Cartoonist Mark Martin once said, "If animals don't want to be eaten, they shouldn't be so darn delicious." There's nothing wrong with going vegan, but sometimes sinking your teeth into a seitan steak or hunkering down to a big bowl of quinoa after a hard day doesn't cut it. You could perform your own feeble magic with the top round you just bought at Gartner's, but why bother? Let the meat gurus at these places do the work for you.

Clyde's Prime Rib
5474 NE Sandy, 281-9200

Over a year ago, this upper Sandy spot with the faux castle exterior almost closed forever. But a new owner (that would be Clyde) came to the rescue, and kept the menu basically intact. For dinner, feast your eyes on luscious, aged prime rib, carved tableside, in one of three cuts: petite ($19), regular ($23), and house ($27). If you have a modest lunch budget, the "Philly," consisting of thin-sliced prime rib, red onions, and provolone ($8), or the simple yet outstanding prime rib sandwich with house fries ($10), will more than satisfy your inner carnivore.

Jo Bar & Rotisserie
701 NW 23rd Ave., 222-0048

They say taste is part smell, and the smell here tastes great. Joined at the hip with Papa Haydn, Jo Bar is a haven for folks who wouldn't be caught dead shopping at The Dollar Tree. Jo offers a mighty tasty pork panini ($9.95), and signature mushroom stew ($12.95), but as far as I'm concerned, the filet mignon burger--topped with brie, and served with side salad and housemade sweet potato chips--is where it's at.

628 NW 23rd, 242-0055

If you're a fan of famous delicatessens like The Stage, Katz's, The Carnegie, or 2nd Ave., Kornblatt's is a local godsend. In Portland, nothing comes as close to the NYC deli experience. The menu will rock your world: bagels and lox, blintzes, chopped liver... everything you'd expect, and more. It's a tough call choosing between the pastrami and the corned beef, so ask for a taste of each first. If you can't decide, don't. Just opt for the mouth-watering Combination Rueben ($9.25), with pastrami, corned beef, sauerkraut, Swiss, and Russian dressing. Beverage? Go for the egg cream (seltzer, chocolate syrup, milk), but know that Kornblatt's no longer uses the traditional Fox's U-Bet syrup, which, for purists, is what makes the drink the drink.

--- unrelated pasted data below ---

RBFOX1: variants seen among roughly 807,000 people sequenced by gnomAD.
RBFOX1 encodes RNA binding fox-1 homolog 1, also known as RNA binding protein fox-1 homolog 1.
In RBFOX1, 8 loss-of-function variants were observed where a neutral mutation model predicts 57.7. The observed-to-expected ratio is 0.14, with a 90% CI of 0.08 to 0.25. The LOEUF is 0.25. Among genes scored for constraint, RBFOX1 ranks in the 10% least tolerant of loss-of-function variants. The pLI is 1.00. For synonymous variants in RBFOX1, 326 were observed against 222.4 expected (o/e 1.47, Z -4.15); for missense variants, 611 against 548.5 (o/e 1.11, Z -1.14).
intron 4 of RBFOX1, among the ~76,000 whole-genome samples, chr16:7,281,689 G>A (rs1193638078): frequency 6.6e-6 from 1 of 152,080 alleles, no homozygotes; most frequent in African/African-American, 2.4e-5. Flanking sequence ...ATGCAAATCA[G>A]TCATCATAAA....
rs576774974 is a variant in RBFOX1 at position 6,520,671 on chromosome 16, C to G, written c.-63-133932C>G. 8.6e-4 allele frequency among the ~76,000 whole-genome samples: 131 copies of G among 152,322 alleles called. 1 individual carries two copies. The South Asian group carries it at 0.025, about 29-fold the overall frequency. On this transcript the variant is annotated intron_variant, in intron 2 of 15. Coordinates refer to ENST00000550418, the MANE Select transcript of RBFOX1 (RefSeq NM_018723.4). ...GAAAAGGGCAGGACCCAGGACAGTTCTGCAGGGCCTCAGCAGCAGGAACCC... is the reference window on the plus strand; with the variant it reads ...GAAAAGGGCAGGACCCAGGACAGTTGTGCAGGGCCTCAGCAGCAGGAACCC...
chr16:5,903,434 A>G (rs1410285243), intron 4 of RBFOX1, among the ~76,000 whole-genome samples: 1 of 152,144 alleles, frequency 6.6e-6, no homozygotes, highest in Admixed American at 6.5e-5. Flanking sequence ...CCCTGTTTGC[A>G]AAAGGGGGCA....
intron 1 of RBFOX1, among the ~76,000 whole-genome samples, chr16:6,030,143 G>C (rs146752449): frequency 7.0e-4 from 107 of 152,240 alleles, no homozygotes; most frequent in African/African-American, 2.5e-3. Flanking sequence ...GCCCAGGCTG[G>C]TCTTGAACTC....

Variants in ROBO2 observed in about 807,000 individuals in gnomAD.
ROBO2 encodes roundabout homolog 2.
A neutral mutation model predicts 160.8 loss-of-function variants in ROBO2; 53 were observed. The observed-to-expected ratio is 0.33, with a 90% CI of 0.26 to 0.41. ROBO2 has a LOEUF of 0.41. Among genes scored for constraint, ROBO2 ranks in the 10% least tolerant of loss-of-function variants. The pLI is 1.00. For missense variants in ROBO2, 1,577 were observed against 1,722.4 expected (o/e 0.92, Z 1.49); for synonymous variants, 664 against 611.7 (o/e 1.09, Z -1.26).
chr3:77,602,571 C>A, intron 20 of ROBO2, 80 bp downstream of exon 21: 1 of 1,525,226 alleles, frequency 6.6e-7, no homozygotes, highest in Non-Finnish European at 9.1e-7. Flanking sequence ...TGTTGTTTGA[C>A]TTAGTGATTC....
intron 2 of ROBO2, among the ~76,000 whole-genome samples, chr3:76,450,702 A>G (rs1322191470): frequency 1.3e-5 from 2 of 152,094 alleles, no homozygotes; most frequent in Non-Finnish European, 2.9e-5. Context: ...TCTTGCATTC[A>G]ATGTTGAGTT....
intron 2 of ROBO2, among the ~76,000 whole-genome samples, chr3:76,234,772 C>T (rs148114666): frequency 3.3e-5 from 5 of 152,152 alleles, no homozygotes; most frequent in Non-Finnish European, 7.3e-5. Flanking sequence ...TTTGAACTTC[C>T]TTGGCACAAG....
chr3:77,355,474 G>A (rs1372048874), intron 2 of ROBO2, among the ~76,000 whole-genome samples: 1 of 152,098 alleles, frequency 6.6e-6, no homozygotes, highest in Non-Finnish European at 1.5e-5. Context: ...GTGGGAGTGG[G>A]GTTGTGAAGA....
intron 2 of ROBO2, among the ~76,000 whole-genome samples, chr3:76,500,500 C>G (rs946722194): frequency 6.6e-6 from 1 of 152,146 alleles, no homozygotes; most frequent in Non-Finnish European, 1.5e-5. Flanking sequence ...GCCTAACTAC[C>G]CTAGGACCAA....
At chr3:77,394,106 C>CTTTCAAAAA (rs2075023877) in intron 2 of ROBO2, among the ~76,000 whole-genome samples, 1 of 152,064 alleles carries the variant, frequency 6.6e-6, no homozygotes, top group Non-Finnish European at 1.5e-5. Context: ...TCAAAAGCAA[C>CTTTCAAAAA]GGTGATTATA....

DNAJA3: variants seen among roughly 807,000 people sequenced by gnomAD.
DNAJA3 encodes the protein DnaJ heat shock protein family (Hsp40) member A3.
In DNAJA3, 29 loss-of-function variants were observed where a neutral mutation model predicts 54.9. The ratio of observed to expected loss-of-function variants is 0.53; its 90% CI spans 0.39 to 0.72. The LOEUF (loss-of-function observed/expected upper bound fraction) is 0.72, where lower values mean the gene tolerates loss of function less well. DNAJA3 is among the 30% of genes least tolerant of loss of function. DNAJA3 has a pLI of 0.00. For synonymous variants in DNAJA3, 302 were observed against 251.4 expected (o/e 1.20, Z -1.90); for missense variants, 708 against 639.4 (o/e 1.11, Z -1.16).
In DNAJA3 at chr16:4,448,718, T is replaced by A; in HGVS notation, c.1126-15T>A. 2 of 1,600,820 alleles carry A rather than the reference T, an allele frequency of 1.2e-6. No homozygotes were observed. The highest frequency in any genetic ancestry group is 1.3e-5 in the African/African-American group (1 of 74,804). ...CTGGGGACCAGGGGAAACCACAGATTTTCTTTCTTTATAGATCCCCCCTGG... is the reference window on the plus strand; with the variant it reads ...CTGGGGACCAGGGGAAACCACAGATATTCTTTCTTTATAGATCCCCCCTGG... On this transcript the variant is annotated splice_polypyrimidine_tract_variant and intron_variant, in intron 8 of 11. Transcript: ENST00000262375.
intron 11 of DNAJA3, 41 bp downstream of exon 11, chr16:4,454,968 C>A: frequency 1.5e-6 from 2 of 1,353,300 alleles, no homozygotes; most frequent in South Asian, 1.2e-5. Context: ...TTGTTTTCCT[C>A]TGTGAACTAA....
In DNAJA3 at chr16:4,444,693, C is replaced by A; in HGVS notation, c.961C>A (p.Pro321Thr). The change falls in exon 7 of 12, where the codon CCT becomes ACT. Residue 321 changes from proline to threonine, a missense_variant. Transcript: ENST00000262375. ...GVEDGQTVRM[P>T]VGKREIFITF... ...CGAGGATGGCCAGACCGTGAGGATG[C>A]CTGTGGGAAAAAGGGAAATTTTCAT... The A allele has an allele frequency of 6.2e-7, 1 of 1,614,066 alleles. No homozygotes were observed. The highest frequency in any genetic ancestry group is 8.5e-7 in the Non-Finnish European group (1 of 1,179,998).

Michael's Italian Beef and Sausage Co.
1111 SE Sandy, 230-1899

The Chicago-born owner of the self-named Michael's has a temperament that'd give the Seinfeld-- "soup Nazi" a run for his money. But what he lacks in interpersonal skills--a plastic bloody cleaver hangs over the counter to ward off napkin thieves--he makes up for with food. You'd be hard pressed to find a better meatball sub ($6.15) served "pizza" style with tomato sauce and cheese. And, good luck finding another place in town that knows the joy of a juicy, ribbon-thin Italian beef sandwich ($6.45). Michael grinds his own pork sausages too, serving them on Italian bread with sautéed peppers and onions ($6.15). Somewhere in heaven, Sicilian grandmothers are proud.

2811 NE Glisan St., 233-0511

Where do you go for Cuban food in lily-white Portland? If the crowds are an indication, you go to Pambiche. On a chilly day, make a beeline for their Cubano: slices of ham, pork, Swiss, and pickles are transformed by a sandwich press into an amazing taste and texture combo. It comes with a side of salty tostones (fried plantains), which are great with a dab of spicy banana ketchup or squirt of lime. If you tire of the Cubano,--the Rikitaki or Picadillo empanada, both with beef hash, should be next on your list. Finish it off with one of Pambiche's desserts, and wonder if Castro eats this good.